To discourage the growing number of employees who opt to be “work martyrs,” or those who stay late and don’t take vacation, employers are putting new meaning in the term “paid vacation,” reports show. Nearly a dozen companies have put “paid paid vacation” policies into place, according to Business Insider, which defines the practice as “paying employees extra money on top of their normal salary to be used solely for vacations.”
Statistics show that U.S. workers are simply tearing themselves away from work less and less. A 2014 Gallup poll, for instance found that half of full-time workers said they put in more than 40 hours per week, with more than 20% reporting that they worked 50 to 59 hours, according to the article. What’s more, they’re not taking leave time, as indicated by a 2015 Project: Time Off study that showed that 55% of Americans combined to leave 658 million vacation days unused.
Why push people out the door? All work and no play can take a toll on employees, increasing symptoms of anxiety and depression, according to the National Institutes of Health.
Moz, a 13-year-old marketing analytics company, offers 21 days’ paid vacation plus $3,000 in expense reimbursements, and FullContact, a management platform company, gives $7,500 a year in addition to 15 paid vacation days, the article states.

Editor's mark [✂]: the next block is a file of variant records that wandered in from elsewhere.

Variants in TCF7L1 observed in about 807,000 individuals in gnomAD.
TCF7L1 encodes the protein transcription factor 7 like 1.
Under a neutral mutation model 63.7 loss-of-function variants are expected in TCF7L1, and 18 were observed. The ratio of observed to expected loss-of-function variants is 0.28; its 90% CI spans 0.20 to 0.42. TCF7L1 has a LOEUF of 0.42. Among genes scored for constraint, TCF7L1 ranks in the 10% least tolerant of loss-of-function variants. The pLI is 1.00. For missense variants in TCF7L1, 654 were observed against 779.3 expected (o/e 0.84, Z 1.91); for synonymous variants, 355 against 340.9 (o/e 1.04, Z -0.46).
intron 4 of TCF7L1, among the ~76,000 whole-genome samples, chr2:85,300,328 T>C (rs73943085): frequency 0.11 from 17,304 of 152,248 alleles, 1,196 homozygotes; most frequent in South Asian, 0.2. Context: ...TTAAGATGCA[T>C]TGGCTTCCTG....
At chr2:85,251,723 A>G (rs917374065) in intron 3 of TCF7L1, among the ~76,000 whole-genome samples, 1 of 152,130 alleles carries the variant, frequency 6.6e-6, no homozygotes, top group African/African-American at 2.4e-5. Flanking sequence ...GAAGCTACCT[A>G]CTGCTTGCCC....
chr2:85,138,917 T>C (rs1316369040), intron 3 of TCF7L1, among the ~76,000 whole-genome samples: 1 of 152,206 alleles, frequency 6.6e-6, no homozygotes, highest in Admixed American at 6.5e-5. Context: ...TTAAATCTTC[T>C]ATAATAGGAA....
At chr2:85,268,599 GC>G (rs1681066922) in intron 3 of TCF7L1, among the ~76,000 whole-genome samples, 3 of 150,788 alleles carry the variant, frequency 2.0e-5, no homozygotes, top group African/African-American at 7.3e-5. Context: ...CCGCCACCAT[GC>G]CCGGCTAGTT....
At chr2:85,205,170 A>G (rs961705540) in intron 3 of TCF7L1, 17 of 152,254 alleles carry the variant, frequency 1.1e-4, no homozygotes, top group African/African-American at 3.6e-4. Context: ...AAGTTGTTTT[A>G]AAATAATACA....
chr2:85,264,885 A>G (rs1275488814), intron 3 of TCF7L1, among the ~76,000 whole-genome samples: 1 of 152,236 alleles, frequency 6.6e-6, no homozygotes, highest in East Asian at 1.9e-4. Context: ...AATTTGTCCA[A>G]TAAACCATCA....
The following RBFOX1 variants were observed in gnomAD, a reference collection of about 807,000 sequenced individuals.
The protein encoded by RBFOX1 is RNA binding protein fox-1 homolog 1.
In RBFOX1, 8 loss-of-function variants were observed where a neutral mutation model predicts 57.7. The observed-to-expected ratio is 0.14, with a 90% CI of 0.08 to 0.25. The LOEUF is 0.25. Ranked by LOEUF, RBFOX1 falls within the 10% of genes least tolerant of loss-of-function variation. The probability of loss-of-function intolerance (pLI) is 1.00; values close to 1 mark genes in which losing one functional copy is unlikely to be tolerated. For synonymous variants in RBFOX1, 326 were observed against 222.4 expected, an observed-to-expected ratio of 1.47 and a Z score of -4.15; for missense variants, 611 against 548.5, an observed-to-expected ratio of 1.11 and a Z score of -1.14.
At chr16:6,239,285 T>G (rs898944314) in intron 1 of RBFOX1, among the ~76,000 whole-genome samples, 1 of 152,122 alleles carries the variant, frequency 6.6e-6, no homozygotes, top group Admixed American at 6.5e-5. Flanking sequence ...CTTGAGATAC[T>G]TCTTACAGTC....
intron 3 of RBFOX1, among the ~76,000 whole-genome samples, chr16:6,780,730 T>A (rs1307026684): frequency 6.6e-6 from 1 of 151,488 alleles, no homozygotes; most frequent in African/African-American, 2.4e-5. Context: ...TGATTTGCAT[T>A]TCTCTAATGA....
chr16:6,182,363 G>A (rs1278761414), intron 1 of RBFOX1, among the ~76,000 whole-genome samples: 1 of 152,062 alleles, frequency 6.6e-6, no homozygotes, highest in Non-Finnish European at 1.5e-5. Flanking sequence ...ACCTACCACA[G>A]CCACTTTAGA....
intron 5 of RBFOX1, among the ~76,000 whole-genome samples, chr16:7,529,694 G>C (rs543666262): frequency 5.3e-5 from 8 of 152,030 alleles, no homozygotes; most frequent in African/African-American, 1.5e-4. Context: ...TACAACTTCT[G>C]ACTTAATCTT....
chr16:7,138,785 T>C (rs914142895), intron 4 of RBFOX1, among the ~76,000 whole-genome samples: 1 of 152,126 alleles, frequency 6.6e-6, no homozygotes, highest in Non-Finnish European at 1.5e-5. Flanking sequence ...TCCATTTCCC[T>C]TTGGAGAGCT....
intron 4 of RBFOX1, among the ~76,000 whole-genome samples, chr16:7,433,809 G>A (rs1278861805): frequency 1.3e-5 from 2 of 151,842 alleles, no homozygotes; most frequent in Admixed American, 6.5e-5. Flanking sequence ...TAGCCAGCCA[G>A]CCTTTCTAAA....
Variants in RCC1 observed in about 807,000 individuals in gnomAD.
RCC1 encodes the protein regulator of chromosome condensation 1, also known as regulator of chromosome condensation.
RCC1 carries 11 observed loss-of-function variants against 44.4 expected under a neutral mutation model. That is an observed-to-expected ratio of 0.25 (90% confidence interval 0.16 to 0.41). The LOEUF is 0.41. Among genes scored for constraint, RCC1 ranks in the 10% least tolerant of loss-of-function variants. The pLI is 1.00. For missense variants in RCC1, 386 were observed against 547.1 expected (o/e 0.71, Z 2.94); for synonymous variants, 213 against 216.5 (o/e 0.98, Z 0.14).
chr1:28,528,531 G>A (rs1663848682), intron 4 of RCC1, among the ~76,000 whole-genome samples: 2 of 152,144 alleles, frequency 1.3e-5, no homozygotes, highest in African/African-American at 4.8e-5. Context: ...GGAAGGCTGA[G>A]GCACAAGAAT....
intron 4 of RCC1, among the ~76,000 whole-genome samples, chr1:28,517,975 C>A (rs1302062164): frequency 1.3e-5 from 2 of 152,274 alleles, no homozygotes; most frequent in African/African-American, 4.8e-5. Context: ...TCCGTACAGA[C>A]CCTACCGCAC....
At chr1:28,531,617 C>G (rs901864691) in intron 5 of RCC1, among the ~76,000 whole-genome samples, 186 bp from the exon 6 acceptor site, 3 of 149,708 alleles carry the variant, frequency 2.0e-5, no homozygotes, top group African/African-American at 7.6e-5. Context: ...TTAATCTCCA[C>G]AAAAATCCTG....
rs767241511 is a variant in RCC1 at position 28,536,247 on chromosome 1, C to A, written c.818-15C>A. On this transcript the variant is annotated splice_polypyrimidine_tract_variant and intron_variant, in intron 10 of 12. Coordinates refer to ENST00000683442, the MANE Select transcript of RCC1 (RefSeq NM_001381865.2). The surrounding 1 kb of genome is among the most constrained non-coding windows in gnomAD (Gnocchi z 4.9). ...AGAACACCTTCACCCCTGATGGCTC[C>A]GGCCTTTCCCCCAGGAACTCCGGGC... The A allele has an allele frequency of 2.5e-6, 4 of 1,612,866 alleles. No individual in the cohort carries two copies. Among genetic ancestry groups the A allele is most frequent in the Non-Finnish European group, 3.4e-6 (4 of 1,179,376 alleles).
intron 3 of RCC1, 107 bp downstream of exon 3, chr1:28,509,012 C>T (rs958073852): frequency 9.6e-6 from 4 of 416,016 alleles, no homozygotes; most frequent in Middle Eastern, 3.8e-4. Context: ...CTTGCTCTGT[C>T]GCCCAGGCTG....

“It’s in all of our employees’ great interest to take time to do what they love with friends, family, whomever (we’ll pay their vacation expenses too so long as you go with them) and disconnect for a few days, or a few weeks,” according to a 2012 Moz blog post.
Mark Douglas, chief executive officer of SteelHouse, a marketing and advertising company, pays workers $2,000 a year to travel anywhere in the world, according to the article.
“I actually want you to go somewhere and enjoy yourself,” he said. “It’s one thing to say ‘You have three weeks vacation,’ like most companies do,” he said. “It’s another thing to say ‘You have cash, and if you don’t go on vacation and spend this money, the money literally goes to waste.’ It’s another level of saying this is real.”
Since implementing paid paid vacation, SteelHouse’s employee roster has remained largely unchanged: In the past three years, only five of 250 workers have left, states an article in the United Kingdom’s Independent. Workers returned recharged and productive, Douglas added.
Still, some companies embrace work martyrs, Business Insider reports. For instance, Erika Nardini, CEO of Barstool Sports, told the New York Times that she texts potential employees at off hours and allows them up to three hours to respond.
“If you’re in the process of interviewing with us, I’ll text you about something at 9 p.m. or 11 a.m. on a Sunday just to see how fast you'll respond,” Nardini said. “It’s not that I'm going to bug you all weekend if you work for me, but I want you to be responsive. I think about work all the time. Other people don’t have to be working all the time, but I want people who are also always thinking.”